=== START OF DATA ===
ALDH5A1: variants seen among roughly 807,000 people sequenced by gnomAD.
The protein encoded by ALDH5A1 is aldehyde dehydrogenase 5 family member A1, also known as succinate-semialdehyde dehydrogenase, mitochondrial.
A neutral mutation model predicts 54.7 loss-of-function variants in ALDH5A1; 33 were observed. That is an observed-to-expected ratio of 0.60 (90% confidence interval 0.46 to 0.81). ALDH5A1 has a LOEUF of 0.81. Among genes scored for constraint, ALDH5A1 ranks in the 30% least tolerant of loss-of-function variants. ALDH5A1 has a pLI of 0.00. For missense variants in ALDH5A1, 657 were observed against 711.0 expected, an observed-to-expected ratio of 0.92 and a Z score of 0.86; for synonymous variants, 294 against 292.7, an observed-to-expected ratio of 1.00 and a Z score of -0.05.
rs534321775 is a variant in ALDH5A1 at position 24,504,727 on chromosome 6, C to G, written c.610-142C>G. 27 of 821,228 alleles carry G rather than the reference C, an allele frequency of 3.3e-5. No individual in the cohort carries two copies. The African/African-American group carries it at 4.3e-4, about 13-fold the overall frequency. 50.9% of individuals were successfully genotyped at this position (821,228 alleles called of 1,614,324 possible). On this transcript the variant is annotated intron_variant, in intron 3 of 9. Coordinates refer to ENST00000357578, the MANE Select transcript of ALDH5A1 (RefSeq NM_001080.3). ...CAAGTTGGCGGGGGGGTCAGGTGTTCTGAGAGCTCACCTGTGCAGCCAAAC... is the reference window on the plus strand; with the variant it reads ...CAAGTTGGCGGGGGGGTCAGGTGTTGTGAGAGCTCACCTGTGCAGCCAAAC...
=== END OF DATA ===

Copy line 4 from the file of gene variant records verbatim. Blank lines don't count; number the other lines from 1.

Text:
rs534321775 is a variant in ALDH5A1 at position 24,504,727 on chromosome 6, C to G, written c.610-142C>G. 27 of 821,228 alleles carry G rather than the reference C, an allele frequency of 3.3e-5. No individual in the cohort carries two copies. The African/African-American group carries it at 4.3e-4, about 13-fold the overall frequency. 50.9% of individuals were successfully genotyped at this position (821,228 alleles called of 1,614,324 possible). On this transcript the variant is annotated intron_variant, in intron 3 of 9. Coordinates refer to ENST00000357578, the MANE Select transcript of ALDH5A1 (RefSeq NM_001080.3). ...CAAGTTGGCGGGGGGGTCAGGTGTTCTGAGAGCTCACCTGTGCAGCCAAAC... is the reference window on the plus strand; with the variant it reads ...CAAGTTGGCGGGGGGGTCAGGTGTTGTGAGAGCTCACCTGTGCAGCCAAAC...